Date on Master's Thesis/Doctoral Dissertation


Document Type

Master's Thesis

Degree Name



Mechanical Engineering

Committee Chair

Panchapakesan, Balaji

Author's Keywords

Carbon nanotube; Microgripper; Self-assemble; Nano-electrode; Nanoneedle; Electrical measurement


Microelectromechanical systems; Nanotubes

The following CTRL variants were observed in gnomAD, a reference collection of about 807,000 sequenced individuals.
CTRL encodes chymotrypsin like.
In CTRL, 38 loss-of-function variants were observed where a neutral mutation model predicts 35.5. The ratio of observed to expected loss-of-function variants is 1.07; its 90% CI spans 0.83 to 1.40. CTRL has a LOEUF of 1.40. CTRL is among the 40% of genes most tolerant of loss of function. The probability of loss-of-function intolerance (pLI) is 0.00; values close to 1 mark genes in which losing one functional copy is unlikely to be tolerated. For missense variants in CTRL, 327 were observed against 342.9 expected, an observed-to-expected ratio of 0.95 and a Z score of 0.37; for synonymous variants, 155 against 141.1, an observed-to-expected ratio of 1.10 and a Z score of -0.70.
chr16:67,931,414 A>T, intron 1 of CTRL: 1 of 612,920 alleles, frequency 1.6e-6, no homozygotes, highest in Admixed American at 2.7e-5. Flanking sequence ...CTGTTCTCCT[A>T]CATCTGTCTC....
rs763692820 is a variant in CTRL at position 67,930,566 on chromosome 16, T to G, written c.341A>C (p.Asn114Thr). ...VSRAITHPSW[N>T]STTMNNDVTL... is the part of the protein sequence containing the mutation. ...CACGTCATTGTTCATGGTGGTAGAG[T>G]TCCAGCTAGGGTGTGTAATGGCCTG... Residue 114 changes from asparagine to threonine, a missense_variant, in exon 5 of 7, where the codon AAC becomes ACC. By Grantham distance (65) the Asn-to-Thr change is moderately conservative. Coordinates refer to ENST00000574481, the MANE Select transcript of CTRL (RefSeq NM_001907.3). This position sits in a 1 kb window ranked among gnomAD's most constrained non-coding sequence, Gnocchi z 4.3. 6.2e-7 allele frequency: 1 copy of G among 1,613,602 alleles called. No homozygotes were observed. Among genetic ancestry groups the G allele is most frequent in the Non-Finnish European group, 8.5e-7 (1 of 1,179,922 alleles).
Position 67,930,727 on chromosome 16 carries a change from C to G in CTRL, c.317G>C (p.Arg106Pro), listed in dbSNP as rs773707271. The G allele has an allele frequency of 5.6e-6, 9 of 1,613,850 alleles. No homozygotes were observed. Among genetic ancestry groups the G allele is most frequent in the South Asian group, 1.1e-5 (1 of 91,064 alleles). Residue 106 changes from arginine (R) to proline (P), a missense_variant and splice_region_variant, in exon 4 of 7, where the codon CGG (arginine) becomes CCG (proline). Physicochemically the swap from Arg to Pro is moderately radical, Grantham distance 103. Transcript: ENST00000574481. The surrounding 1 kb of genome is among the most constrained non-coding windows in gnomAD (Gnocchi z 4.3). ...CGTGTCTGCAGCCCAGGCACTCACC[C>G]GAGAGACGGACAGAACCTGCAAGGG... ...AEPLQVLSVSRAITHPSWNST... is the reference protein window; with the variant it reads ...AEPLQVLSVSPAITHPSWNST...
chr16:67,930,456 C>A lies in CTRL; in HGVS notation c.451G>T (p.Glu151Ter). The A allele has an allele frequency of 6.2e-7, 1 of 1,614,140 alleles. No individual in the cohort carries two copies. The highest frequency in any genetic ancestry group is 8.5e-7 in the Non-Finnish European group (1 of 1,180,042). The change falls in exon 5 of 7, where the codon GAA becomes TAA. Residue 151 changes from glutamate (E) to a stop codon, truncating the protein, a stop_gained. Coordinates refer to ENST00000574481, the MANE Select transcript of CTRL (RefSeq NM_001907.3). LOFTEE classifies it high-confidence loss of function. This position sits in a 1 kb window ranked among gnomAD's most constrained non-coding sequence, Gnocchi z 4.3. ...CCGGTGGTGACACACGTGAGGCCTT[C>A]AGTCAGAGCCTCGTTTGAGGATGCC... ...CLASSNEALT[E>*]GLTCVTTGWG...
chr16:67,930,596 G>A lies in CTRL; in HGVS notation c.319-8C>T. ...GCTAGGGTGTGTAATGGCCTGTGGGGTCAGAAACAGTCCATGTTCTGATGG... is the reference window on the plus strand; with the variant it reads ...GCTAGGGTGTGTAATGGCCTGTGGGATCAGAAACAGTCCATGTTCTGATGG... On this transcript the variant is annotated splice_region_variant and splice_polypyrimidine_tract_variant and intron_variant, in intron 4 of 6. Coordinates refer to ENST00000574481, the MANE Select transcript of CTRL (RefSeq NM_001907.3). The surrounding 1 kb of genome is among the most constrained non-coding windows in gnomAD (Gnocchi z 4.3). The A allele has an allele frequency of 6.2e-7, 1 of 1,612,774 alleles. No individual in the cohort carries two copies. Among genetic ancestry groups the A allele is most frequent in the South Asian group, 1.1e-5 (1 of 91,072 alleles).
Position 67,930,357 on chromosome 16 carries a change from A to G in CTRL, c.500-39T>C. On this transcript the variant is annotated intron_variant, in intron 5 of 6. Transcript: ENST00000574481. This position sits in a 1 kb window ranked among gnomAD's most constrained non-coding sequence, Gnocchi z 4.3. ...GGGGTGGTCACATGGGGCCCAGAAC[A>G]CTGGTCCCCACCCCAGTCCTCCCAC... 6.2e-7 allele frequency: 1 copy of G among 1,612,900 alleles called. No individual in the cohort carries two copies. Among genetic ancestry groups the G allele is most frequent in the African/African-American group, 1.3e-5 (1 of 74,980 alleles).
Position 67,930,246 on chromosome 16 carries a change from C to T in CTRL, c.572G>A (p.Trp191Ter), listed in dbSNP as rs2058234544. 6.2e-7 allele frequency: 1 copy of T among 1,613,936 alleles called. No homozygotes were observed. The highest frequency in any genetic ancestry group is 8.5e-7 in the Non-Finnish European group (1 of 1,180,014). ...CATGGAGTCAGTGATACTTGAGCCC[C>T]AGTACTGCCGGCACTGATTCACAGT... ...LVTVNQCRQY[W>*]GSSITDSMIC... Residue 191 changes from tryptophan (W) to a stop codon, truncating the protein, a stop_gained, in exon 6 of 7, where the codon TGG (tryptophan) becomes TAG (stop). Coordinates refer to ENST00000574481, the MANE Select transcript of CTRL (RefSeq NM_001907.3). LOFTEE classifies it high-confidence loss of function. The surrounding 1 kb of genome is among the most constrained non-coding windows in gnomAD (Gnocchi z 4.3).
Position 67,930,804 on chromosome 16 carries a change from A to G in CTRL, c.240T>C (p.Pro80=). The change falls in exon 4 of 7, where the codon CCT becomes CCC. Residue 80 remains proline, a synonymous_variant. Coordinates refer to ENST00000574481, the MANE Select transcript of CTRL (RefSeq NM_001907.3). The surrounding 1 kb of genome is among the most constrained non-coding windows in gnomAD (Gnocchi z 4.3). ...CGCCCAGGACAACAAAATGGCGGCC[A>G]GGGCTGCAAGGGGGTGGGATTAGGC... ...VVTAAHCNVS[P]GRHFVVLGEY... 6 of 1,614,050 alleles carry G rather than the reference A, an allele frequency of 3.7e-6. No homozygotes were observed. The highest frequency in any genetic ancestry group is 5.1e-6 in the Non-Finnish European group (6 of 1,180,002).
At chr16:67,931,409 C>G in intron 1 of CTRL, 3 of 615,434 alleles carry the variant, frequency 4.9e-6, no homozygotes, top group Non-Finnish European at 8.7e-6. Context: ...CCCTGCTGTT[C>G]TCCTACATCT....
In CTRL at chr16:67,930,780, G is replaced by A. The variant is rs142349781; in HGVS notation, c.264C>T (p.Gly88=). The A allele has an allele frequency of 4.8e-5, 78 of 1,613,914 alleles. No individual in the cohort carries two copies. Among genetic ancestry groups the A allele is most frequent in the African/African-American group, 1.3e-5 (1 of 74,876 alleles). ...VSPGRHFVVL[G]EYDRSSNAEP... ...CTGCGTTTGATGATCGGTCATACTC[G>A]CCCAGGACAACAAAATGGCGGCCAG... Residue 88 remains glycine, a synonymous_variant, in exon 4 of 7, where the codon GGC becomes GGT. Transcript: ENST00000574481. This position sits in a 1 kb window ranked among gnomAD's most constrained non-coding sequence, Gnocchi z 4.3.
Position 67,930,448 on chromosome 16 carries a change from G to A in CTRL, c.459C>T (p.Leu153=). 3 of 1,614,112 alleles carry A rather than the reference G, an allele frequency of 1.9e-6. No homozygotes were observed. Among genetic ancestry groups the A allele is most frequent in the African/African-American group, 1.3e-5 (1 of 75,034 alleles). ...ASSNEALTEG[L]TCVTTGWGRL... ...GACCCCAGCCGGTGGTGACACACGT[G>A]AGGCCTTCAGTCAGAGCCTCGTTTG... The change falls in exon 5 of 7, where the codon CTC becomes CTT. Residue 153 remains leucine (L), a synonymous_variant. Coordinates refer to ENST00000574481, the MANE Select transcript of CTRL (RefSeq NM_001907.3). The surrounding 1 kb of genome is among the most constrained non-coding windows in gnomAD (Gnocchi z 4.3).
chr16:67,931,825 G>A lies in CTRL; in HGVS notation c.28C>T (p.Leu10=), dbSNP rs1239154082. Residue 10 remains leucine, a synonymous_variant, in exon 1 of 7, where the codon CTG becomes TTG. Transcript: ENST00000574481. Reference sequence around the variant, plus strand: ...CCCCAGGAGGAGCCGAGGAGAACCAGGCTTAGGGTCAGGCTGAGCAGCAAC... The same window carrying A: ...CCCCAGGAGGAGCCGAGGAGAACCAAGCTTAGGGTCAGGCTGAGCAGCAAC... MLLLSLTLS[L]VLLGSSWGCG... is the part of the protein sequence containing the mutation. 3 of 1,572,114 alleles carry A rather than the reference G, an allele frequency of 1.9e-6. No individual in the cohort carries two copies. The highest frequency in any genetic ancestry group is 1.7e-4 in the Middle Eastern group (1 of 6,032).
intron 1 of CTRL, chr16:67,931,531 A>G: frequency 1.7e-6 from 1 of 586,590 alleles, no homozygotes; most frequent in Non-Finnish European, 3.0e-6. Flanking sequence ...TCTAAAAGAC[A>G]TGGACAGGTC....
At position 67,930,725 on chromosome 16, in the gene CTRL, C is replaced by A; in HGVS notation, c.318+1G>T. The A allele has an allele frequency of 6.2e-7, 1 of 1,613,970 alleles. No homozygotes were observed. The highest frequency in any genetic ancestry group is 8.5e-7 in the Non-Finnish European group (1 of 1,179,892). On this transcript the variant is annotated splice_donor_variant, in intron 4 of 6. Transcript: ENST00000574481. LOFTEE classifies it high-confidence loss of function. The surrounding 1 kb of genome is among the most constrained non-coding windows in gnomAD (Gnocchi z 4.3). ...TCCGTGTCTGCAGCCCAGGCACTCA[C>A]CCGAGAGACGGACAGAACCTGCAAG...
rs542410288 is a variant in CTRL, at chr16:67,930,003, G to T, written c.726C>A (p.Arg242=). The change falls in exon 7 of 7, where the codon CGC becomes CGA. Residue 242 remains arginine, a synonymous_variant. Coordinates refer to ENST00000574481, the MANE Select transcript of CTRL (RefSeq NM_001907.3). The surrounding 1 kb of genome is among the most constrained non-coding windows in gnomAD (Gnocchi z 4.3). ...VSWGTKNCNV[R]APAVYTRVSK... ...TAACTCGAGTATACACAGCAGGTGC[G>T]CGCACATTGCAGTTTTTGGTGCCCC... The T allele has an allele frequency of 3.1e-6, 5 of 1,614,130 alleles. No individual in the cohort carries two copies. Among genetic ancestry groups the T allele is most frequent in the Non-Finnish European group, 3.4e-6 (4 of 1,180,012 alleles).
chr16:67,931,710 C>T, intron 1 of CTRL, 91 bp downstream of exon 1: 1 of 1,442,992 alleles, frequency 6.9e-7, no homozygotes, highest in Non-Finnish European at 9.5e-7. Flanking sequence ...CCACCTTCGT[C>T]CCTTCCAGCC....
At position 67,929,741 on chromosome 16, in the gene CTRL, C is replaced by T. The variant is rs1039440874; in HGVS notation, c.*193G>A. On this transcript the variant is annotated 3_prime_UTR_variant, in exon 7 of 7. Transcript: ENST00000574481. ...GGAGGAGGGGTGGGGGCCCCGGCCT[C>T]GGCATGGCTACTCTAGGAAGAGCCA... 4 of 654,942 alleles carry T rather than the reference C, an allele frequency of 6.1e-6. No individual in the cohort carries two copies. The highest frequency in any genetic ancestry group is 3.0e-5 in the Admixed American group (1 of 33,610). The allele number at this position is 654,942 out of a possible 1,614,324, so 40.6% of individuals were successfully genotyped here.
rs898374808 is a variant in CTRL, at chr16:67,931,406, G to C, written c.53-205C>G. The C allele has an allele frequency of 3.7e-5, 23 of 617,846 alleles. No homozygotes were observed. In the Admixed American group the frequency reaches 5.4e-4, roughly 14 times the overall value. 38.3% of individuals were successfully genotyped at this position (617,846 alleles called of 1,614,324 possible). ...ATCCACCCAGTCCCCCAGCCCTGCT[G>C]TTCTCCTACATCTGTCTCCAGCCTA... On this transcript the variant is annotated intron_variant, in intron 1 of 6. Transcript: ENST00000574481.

In this thesis self-assembled growth of Ag2Ga nano-needles on batch fabricated micro-grippers are reported. The room temperature growth of Ag2Ga nano-needles have been recently developed as stylus for Atomic Force Microscopy (AFM). Integration of such nano-needles onto batch fabricated micro-grippers can potentially lead to the development of nano-grippers for nano-manipulation of materials, measurement of electrical properties of nanostructures and finally measurement of electrochemical properties of cells. We explored the growth process of nano-needles on batch fabricated microgrippers. Micro-grippers were first batch fabricated using carbon nanotube/SU8 process at the University of Louisville's clean room facility. Following the gripper fabrication, 20 nm chromium and 100 nm silver were selectively deposited onto the arms of the grippers using shadow masking techniques. Each silver coated arm was selectively dipped onto liquid gallium and retracted for the formation of Ag2Ga eutectic nano-needles at room temperature in ambient environment. The length and diameter of nano-needles can be controlled by the thickness of silver and volume of gallium liquid. Scanning Electron Microscope (SEM) characterization revealed nano-needles of 100 -120 nm in diameter and 7-15 µm long on each gripper. Following the nano-needle growth on the grippers, the grippers were packaged onto a ceramic chip carrier and wire bonded. Following wire bonding, 100 nm of parylene was coated everywhere besides the surface of gripper/needles to enable electrical insulation in liquid environments, and then the tips of nano-needles are exposed. I-V measurements revealed an open circuit resistance of 120 Giga-ohms showing the versatility of the grippers integrated with the needles as electrodes for measurement of electrical properties of nano-materials and in liquids. Preliminary measurements on a small carbon nanotube film when brought into contact with the needle revealed six to eight orders of magnitude change in the resistance showing that these needles are highly sensitive for electrical property measurement on nano-materials. Finally, the needles were tested inside phosphate buffered saline and performed linear sweep voltammetry to investigate reduction-oxidation reactions on the surface of the nano-needle.